In this piece Brubeck wanted to compose not only a unique piece, but one deserving of his favorite Biblical Passages. Seems to me he accomplished that.
After a beginning combined with bass and piano playing counterpoint and Brubeck’s one-handed inharmonic jabs, at 1:40 you get a quick view of what is to come when Brubeck gives us several bars of inharmonic music. At 2:00 more inharmonic one-handed jabs, and then mixes of harmonic and inharmonic counterpoint.
Something Brubeck had no idea of knowing, but his ear had to tell him it worked, is something neurologists have found out about both out-of-tone and inharmonic music: when either one is splashed about on purpose in a piece by an excellent musician or singer, it stimulates the right-brain.
An entire piece (especially listened to on a regular basis), however, of either out-of-tone or inharmonic music tortures the whole-brain, causing the brain to pump out negative chemicals and thereby causing both mental and physical anguish. This is why I’ve been warning people for years about listening to country music, because as a rule, its singers sing terribly out-of-tone.
The type of Jazz that Brubeck & Co. are playing is the best music to stimulate the whole-brain. Add to that all of what these musicians are able to do that almost no one can do, and you have something very special that your brain will appreciate.
Jack Six’s bass plays about five bars as an adagio to begin the piece; then Brubeck enters playing inharmonic jabs for a few bars. At that point, I doubt any right-brain in the terrestrial realm could imagine what was ahead.
After a full inharmonic build, at 3:00 the group makes a time change and begins to play what would be the Second Leg of the piece in perfect harmony and beauty, with the occasional inharmonic sound from Brubeck. The cooldown (the Third Leg) at 4:00 leads to even more surprises as Mulligan’s baritone sax eases in at about 4:30.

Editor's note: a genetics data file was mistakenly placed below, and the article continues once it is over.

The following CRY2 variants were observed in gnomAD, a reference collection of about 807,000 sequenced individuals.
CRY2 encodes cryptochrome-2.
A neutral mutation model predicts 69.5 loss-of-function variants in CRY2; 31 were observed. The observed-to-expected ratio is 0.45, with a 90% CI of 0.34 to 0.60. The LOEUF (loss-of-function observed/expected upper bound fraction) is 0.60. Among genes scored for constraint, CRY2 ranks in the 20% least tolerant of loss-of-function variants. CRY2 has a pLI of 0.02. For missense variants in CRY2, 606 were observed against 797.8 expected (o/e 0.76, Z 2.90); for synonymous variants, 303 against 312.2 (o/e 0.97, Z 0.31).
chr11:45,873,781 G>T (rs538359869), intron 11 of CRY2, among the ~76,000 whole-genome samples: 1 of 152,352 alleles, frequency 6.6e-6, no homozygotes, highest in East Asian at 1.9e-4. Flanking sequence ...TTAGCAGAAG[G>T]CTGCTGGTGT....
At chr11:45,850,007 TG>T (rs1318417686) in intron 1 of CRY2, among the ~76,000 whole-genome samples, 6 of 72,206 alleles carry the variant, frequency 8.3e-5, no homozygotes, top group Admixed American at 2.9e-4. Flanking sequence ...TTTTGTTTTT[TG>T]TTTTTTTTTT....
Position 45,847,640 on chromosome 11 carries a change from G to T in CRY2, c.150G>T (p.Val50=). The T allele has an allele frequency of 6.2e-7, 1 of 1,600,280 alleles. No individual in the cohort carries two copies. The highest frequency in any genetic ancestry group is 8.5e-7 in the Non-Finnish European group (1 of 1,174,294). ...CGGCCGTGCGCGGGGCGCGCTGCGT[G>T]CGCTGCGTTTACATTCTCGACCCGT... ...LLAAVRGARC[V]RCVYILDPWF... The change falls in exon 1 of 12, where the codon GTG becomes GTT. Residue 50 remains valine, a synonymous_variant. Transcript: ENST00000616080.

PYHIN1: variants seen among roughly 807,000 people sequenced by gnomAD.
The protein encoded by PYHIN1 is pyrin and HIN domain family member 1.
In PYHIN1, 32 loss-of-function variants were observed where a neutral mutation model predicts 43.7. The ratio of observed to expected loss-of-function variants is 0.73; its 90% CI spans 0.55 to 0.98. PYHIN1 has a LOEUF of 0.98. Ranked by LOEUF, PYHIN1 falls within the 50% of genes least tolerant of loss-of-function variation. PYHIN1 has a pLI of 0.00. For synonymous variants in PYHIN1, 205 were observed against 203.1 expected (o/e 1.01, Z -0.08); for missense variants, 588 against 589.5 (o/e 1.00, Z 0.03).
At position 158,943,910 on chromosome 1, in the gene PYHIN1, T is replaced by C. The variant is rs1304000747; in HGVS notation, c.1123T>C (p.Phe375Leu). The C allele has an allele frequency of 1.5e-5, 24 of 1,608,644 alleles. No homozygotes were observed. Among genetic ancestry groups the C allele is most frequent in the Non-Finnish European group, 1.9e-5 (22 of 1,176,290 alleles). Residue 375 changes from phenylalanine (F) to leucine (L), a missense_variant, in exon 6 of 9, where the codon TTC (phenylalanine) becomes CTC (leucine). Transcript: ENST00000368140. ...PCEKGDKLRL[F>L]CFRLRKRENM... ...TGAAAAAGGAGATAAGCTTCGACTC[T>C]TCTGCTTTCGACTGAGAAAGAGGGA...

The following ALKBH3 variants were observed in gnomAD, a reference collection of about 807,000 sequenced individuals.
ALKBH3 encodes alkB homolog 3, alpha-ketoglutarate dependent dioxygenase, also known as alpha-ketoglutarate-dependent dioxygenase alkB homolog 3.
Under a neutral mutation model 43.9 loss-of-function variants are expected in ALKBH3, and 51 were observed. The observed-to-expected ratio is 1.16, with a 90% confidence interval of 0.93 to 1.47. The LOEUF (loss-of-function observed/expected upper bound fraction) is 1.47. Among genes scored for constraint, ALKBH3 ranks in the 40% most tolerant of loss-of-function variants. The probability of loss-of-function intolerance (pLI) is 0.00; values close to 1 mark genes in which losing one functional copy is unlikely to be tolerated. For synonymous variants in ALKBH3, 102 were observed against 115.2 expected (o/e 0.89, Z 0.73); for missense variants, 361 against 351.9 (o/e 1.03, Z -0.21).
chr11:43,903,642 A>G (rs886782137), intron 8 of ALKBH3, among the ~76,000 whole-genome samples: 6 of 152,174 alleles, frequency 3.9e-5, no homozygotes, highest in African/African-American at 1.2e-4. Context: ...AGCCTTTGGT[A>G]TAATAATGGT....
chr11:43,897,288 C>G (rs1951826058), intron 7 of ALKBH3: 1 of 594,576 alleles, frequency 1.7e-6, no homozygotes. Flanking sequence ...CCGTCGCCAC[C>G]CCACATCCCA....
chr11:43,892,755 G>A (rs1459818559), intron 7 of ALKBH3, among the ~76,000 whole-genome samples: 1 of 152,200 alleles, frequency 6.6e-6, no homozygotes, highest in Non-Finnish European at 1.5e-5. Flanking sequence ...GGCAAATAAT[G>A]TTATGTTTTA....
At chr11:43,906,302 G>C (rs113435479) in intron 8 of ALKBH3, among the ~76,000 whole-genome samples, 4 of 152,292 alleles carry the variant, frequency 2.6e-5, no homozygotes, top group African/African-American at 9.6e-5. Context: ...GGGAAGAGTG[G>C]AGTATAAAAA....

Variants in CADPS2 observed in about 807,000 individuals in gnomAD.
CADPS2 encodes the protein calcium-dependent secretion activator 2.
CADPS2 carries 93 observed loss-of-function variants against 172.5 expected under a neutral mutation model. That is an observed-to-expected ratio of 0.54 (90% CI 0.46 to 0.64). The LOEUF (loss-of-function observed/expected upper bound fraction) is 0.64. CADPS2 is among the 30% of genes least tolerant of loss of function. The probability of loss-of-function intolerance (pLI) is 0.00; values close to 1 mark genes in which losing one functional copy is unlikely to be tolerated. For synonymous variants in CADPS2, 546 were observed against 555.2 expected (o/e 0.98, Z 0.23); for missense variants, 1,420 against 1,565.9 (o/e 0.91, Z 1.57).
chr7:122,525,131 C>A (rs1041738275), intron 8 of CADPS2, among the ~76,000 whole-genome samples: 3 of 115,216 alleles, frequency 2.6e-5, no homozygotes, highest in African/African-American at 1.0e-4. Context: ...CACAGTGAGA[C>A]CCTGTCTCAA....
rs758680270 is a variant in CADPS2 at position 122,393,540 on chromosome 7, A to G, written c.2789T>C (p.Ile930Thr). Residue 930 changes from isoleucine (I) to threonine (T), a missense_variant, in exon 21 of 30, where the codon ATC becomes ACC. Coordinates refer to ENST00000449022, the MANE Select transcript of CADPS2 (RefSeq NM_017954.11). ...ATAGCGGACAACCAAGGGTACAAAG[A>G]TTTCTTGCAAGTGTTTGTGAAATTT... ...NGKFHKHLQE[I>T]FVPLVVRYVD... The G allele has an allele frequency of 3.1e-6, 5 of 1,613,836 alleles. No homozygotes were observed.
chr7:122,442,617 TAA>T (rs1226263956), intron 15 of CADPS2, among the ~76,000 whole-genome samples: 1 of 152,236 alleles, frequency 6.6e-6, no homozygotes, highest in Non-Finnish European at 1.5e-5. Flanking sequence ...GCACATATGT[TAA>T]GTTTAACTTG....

Now, pay attention to those sax sounds, because they are not scale notes. Mulligan is playing vibrato at about 1/8 off the scale. Yet, the sound is pure and in harmony with the whole piece, although eerie at times—and purposefully so.
Always the unselfish leader, Brubeck allows Mulligan’s sax, Dawson’s drums, and Six’s bass to finish out the piece, with Brubeck’s piano complimenting ever so slightly.
Let me note that very left-brain dominant people often do not tolerate inharmonic sounds very well. So if you find yourself having a sour feeling and need more order, remind yourself that it takes a tremendous amount of talent to play discordant sounds for a bar or two or a jab or two, and then move directly back to concordant music. At least if you appreciate that, you may be able to enjoy the piece, for the sake of aiding your brain.
El, for example, listens to these type of pieces, enjoys them—and definitely appreciates them—but will inform you in an instant that she does not enjoy discordant sounds in music. She wants 100% order, lefty that she is.
Perfect piece to honor the Lord’s Sermon on the Mount. Enjoy and be grateful that we have the ability to hear this kind of musical genius.
“Blessed Are the Poor,” by Dave Brubeck’s Trio, Along with Saxophonist, Gerry Mulligan, at the Berlin Philharmonic, 1970 (9:00) Live & Raw
Dave Brubeck Trio,Gerry Mulligan – Blessed are the Poor (The Sermon on the Mount)